Looking back at the ballots

County clerk's office hustling as employees prepare for election

Lila Herod the chief deputy of Moffat County Elections knows just about all there is on the subject of voting locally. It results in a moniker that co-workers reserve for her: the Election Information Goddess.

"It's an exciting time of year," Herod said checking the identification of early walk-in voters and recognizing familiar faces.

"We love it," she said. "We get to see some people we haven't seen since they last voted."

Early voting options may be a popular option among residents judging from the county's bustling election center Thursday morning. By that time 721 Moffat County voters had cast ballots.

The flexibility allowed residents to start voting Oct. 21.

"You don't have to have a reason to vote early," said County Clerk Elaine Sullivan. "Some people are in here getting their license plates and doing business and decide to vote while they're here. Some take their ballots home -- I call them the 'ponderers.'"

But over the years Moffat County voters tend to ponder either more or less over the issues -- depending on what's on the ballot.

A 1995 election proved the least interesting for voters according to county records that reflected a paltry 11 percent voter turnout.

During a coordinated election that year voters cast ballots for four school board members and members of Moffat County Affiliated Junior College District. A state referendum also asked voters to allow bonding power for the maintenance of non-state prisoners.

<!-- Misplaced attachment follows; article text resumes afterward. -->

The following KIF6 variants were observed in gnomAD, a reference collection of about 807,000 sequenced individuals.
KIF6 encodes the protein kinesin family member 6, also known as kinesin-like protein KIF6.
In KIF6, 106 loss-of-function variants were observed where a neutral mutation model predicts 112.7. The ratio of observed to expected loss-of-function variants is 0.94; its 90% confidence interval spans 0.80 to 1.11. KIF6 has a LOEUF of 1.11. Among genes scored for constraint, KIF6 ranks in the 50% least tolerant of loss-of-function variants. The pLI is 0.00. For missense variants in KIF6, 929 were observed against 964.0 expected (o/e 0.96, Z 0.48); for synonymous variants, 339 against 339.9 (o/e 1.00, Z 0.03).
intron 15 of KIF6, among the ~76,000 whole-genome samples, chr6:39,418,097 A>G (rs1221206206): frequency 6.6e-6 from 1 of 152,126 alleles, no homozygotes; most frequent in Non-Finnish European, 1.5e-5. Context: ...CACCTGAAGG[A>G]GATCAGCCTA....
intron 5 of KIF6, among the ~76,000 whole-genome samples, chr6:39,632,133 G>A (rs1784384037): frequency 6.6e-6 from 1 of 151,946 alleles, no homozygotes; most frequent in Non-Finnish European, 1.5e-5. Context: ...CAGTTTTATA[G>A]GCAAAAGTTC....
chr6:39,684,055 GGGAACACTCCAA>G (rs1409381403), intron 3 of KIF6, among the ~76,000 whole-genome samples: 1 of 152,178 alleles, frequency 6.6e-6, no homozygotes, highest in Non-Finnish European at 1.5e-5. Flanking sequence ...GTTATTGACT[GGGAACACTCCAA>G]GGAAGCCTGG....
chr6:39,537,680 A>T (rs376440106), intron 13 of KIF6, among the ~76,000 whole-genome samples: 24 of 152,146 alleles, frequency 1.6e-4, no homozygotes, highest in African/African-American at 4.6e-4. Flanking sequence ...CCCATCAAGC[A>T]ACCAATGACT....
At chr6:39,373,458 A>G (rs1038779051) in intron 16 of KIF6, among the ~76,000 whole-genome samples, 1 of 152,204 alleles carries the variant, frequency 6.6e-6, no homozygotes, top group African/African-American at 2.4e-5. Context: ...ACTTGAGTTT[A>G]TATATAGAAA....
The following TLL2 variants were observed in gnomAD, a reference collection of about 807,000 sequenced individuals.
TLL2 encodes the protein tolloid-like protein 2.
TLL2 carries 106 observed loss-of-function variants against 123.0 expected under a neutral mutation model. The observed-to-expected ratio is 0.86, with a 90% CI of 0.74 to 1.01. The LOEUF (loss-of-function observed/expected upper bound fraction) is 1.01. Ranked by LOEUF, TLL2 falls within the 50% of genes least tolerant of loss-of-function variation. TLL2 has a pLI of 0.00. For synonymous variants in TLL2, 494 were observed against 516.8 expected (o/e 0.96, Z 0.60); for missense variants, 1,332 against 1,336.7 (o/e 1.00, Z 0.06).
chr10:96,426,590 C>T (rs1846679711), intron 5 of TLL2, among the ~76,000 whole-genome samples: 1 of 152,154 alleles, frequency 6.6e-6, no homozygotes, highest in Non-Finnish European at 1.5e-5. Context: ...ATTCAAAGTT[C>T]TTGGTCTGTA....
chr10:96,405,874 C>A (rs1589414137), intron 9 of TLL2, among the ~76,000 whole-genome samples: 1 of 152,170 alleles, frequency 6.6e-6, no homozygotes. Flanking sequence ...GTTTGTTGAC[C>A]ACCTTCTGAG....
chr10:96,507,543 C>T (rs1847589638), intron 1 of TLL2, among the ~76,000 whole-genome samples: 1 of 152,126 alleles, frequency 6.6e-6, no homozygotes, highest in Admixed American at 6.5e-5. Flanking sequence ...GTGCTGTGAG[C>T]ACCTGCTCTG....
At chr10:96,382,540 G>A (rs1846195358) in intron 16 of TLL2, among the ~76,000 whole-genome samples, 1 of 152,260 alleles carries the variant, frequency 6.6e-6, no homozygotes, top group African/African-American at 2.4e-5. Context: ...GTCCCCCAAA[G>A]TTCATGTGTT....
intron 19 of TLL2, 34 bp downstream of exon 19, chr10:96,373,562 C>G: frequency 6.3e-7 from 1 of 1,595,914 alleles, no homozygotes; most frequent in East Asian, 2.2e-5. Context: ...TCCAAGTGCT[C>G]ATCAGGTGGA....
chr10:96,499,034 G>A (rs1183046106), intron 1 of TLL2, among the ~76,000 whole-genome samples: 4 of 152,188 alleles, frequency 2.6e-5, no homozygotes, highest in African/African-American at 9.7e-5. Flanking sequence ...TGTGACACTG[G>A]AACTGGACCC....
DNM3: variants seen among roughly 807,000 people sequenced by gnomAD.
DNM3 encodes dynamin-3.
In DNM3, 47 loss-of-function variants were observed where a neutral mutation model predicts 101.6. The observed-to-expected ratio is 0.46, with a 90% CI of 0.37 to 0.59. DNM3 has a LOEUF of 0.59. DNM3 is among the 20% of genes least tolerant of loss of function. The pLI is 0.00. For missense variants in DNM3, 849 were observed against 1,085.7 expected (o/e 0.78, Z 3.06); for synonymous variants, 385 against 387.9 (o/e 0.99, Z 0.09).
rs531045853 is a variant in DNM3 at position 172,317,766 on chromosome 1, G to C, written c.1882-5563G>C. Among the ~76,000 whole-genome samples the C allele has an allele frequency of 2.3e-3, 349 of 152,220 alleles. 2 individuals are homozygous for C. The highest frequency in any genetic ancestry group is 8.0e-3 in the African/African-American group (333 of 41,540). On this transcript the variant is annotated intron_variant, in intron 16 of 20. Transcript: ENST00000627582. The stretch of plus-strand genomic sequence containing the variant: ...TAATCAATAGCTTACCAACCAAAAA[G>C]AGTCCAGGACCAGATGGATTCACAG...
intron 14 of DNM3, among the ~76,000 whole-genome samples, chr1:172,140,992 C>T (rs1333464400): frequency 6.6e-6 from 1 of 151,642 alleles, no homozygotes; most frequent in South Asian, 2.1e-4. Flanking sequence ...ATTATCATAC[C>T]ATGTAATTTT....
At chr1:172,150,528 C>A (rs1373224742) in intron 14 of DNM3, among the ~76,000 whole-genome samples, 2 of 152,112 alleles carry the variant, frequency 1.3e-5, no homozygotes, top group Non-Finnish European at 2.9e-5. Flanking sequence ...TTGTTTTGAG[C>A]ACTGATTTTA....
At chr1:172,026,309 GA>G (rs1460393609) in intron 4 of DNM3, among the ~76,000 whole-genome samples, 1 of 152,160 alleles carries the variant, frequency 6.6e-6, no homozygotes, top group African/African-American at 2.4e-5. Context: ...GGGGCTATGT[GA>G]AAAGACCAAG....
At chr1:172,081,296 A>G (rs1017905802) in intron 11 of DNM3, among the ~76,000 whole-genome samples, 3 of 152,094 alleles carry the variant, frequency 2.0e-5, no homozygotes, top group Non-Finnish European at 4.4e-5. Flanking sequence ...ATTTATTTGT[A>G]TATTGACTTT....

Yet an election two years earlier garnered quite a bit more voter attention.

In 1993, three Moffat County school board members crowded the ballot but so did a question to increase a state tax for tourist items. Moffat County voters killed the decision in a 1,565 to 1,212 vote. Forty-three percent of registered voters cast ballots for that election.

According to recent figures, 5,669 voters or almost 70 percent of Moffat County residents are active registered voters. Eleven percent of registered voters failed to vote in 2000 and almost 20 percent failed to vote in 2002.

It's unclear how many voters will come out for the Nov. 4 election.

But with five measures on the ballot, including a controversial city item to construct a recreational center, it's no surprise that talk about the issues have caused waves.

Some election interest is evident even with future voters at the high school level.

"I think it'd be cool to have a say about what government does," said Camilla Bird. The 17-year-old is serving this year as an election judge, a role she got involved in through an American Government class at Moffat County High School.

The issue over whether the city should construct a recreational center showed up on the radar screen of high school student Kyle Morris.

"I'm definitely for the rec center," he said.

Though one year shy of the voting age, Morris said he knew how he'd vote.

He was against Referendum A, a measure for the state to create bonding in building more water storage. But Morris agreed on Referendum 33, an initiative aimed to increase tourism dollars.

"I think tourism is a good thing," he said. "I don't think the gambling part would be such a problem."

At the polls this year, Sullivan and Herod said the biggest difference is requiring identification from everyone.

A valid photo ID includes a Colorado driver's license, an identification card from the Department of Revenue, a valid pilot's license from the FAA, or a United States military ID. Other forms of accepted ID include a copy of a current utility bill, bank statement, government check, paycheck or other government document that shows the name and address of the elector, or at last four digits of a social security number.

The latest ID requirement hit home for Herod recently.

"I had to ID my husband,"

she said.

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